Many People associates motivation with pay. They see it as a direct link between increasing or maintaining their standard of living, buying goods to satisfy their wants and desires, and being able to afford holidays in order to alleviate role stress. When talking about motivation and pay, we need to ask ourselves a simple question that may provide an answer to whether pay is a motivator. This question is “Do we live to work, or work to live”? We can take both parts of the question and answer them separately.
Do we live to Work ?
Many people see pay as a motivator because it enables them to buy the things they want, live in the area they want and buy car that they want. Maslow said that ”humans are wanting beings; they always want more and they wants depends on what they already have”. This suggest that motivation in strongly linked to pay because, in many cases, the harder we work (such as overtime), the more reward we get (in terms of money), the more we have available to spend (disposable income)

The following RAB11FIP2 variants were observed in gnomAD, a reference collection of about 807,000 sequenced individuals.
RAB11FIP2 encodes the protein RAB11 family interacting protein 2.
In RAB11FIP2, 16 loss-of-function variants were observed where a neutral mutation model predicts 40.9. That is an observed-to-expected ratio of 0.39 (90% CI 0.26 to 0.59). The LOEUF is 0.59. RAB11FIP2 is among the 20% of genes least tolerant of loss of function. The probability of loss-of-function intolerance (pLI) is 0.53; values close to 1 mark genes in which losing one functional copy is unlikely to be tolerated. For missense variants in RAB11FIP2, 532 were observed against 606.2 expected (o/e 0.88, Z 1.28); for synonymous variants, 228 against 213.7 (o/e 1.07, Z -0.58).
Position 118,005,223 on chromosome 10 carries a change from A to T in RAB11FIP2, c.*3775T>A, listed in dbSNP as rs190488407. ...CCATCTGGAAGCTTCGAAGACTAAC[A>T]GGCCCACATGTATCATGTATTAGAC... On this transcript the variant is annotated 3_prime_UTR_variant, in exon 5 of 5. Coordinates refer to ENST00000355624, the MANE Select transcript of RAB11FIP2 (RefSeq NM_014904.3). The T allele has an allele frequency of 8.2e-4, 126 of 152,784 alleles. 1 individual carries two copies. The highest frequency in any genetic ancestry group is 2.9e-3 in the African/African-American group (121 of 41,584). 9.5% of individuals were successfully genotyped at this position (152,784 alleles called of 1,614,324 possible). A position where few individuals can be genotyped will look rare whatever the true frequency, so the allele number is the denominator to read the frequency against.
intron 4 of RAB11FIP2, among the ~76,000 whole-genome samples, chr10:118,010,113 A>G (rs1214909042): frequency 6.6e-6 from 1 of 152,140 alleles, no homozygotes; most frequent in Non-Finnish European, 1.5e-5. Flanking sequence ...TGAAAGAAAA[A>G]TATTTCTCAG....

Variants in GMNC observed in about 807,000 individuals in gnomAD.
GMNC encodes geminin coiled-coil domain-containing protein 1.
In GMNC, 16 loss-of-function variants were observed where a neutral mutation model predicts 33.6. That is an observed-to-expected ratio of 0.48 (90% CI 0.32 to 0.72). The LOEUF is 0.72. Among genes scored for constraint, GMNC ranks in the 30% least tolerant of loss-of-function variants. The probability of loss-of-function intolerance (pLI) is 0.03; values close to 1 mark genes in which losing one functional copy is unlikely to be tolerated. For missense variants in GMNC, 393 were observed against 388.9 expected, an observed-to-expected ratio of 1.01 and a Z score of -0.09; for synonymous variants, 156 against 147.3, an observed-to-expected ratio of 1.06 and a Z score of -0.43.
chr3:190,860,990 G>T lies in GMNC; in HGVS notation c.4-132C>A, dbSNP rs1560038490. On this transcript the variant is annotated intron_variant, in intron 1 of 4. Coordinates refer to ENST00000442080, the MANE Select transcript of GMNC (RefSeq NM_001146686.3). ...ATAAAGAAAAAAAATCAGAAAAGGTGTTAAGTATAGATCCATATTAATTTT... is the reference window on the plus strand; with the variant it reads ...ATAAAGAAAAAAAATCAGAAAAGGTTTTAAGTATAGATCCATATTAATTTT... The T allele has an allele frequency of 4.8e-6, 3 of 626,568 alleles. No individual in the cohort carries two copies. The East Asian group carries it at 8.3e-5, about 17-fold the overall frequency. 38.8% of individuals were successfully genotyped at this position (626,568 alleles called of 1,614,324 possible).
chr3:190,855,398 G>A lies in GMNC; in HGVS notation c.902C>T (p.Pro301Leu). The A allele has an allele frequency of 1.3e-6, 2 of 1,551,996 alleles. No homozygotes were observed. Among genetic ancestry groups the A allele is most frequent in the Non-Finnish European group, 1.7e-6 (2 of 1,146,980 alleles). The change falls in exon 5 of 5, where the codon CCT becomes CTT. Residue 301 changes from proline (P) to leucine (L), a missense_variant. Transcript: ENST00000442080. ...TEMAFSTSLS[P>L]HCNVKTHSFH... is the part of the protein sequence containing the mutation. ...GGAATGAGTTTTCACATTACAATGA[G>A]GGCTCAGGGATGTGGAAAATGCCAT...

However, Herzberg stated that money is not a motivator, but a hygiene factor. This means that it is a dissatisfier rather than a motivator, and that when people get a certain level of salary, once they are used to it they become dissatisfied with it and want more.
Do we work to live?
Many see work as a means to an end-providing just enough pay to “keep them alive and keep a roof over their heads” people in this category are often motivated by intrinsic rewards, such as praise and recognition, rather than extrinsic rewards, such as pay and other associated benefits.